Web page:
Torah Scroll Disaster

The original post can be found here.

This is a great story with a very good application at the end that should be heeded!

From time to time I relate the following true story to my Hebrew students, along with the accompanying moral.
In the late 90’s, while a seminary student with a burgeoning interest in Hebrew and Jewish background studies, I began attending Shabbat services at a large synagogue in Encino, Ca.—Valley Beth Shalom.  I was careful to be as respectful as possible in a sincere effort to learn all I could.  I also began visiting local Judaica shops where I enjoyed browsing, haggling with the merchants, and attempting to engage them in Hebrew.  One day, I entered a shop and to my delight, I discovered a Torah scroll permanently housed in a plexiglas stand where it was displayed and accessible for reading.  The rollers extended from the stand allowing one to view the text through the glass while turning the rollers.

This magnificent find was more than I could resist, so I immediately approached it and began reading the text aloud with great enthusiasm, of course being careful in my reading so as to be as respectful as possible.  However, as I rolled through the scroll, I came to a place where the scroll was stuck.  Apparently, excess glue from a seam had fixed the seam to the page underneath.  Naturally, I assumed it was only slightly stuck, and that if I turned gently the seam would detach from the page underneath—and detach it did. Suddenly, I heard a pop, and the scroll came apart with 1/3 of the scroll coiling up on the right roller, and 2/3s on the left.  In horror, I instantly realized that I was a gentile who had just inadvertently destroyed a Torah scroll.  I ran.  I never returned. I moved away. I don’t believe I’ve touched a scroll since.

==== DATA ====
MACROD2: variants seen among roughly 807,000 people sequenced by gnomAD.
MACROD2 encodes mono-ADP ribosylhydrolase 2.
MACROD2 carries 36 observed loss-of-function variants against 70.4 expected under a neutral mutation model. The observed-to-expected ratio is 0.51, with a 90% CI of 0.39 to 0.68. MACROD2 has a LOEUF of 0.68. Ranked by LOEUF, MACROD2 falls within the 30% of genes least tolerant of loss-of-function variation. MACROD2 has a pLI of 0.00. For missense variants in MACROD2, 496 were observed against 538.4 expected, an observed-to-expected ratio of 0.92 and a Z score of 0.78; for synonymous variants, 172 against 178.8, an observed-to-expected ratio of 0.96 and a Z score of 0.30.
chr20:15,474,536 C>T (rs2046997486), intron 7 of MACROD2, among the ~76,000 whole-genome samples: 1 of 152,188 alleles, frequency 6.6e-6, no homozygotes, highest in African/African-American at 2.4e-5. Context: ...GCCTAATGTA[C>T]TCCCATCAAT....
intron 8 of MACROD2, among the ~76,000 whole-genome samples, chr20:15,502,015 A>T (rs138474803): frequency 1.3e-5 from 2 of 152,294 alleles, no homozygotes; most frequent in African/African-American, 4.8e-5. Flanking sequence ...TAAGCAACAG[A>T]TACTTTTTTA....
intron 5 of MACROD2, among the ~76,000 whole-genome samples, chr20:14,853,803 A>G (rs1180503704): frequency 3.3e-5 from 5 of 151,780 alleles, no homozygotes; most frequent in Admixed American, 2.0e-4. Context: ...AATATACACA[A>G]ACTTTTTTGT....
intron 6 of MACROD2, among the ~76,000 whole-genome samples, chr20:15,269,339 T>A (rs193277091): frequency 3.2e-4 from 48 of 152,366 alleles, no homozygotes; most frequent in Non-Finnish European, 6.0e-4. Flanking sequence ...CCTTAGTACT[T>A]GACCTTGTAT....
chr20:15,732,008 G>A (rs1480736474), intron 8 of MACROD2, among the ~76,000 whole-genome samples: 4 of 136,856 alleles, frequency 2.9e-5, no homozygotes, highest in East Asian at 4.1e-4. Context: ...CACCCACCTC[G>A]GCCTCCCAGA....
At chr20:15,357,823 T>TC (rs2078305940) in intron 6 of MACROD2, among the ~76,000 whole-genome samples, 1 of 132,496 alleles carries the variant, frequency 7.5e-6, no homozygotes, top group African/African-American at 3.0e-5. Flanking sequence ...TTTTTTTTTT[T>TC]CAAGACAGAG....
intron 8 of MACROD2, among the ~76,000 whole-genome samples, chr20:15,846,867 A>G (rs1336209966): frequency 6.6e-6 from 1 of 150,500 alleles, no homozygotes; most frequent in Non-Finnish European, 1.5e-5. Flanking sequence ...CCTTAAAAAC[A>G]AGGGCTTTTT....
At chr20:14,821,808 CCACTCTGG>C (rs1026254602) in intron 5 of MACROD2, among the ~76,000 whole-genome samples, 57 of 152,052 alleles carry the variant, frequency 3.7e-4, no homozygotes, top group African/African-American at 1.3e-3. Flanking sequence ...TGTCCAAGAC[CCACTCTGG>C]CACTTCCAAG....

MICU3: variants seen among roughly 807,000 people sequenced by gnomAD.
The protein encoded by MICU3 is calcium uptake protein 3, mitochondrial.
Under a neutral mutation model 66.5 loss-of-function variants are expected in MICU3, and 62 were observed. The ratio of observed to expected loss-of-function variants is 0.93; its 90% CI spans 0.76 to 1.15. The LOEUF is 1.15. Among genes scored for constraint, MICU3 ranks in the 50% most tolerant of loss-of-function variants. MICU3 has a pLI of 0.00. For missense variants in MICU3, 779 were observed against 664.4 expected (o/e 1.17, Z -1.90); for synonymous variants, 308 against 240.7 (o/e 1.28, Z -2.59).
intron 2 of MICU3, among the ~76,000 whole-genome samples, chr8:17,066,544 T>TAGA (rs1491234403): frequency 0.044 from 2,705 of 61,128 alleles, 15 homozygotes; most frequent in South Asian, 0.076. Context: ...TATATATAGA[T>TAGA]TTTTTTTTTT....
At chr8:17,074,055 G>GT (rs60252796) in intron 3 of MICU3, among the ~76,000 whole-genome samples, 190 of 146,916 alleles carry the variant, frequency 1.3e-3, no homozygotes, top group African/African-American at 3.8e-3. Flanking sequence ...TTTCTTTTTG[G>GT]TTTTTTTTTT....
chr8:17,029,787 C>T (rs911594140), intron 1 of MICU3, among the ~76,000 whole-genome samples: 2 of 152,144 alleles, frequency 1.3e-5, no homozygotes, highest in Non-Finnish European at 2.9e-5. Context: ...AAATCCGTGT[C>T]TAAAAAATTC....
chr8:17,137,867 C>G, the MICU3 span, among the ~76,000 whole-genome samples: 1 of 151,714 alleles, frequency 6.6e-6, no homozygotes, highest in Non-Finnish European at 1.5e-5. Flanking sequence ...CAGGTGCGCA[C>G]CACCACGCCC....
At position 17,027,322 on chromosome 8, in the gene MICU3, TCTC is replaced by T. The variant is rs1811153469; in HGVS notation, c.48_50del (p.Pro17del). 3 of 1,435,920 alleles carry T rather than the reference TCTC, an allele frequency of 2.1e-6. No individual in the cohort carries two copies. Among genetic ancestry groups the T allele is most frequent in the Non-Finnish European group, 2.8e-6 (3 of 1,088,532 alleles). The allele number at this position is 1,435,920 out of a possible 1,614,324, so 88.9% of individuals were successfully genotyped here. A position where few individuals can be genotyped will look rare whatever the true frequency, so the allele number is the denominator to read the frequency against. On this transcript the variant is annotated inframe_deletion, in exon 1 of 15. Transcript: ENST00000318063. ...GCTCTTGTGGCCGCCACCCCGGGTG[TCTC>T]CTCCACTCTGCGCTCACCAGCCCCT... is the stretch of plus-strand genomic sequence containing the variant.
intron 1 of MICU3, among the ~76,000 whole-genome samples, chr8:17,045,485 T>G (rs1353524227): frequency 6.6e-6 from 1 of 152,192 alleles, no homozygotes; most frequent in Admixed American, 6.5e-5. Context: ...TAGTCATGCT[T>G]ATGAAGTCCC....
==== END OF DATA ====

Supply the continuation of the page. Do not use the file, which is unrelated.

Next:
Moral: Don’t let your curiosity result in the careless deconstruction of the text.

לֹ֣א תֹסִ֗פוּ עַל־הַדָּבָר֙ אֲשֶׁ֤ר אָנֹכִי֙ מְצַוֶּ֣ה אֶתְכֶ֔ם וְלֹ֥א תִגְרְע֖וּ מִמֶּ֑נּוּ לִשְׁמֹ֗ר אֶת־מִצְוֹת֙ יְהוָ֣ה אֱלֹֽהֵיכֶ֔ם אֲשֶׁ֥ר אָנֹכִ֖י מְצַוֶּ֥ה אֶתְכֶֽם׃
(Deut 4:2)


Indicators You Might Apostatize

What follows is a link to a blog I read this morning.  It is mainly geared to those in professional ministry or academic pursuits, but I found it especially appealing as I often think along the same lines.  I have posted the sectional highlights below in the hopes that you will be enticed to read the article, and while it is a long read, in my opinion, one that is well worth it.  After you read it, spend some time thinking about it.

10.  Your ministry ambitions are fueled by something other than to see Christ’s Kingdom expanded.

9. You are more interested in enjoying your personal liberty than in erring on the side of personal restriction when it comes to the use of liberty.

8. You play fast and loose with Scripture.

7. When you are confronted with an interpretive difficulty, your tendency is to find fault with Scripture rather than to resolutely work through to a valid conclusion.

6. Your interpretive decisions are more likely to be influenced by popular opinion than by the grammatico-historical model of exegesis.

5. You will alter your theology based on life circumstances/experiences.

4. You will alter your theology due to relationships.

3. You stop struggling against sin.

2. You give up/replace on your devotional studies with activities.

1. You are not primarily motivated by an adoration for Christ.

The entire article can be found here and I hope you head on over and read it.

As an added bonus, there are two sermons by Brian Rickett entitled Ten Indicators That You Might Apostatize in 2013.  Here are the links to those:

Ten Indicators That You Might Apostatize in 2013 – Part 1

Ten Indicators That You Might Apostatize in 2013 – Part 2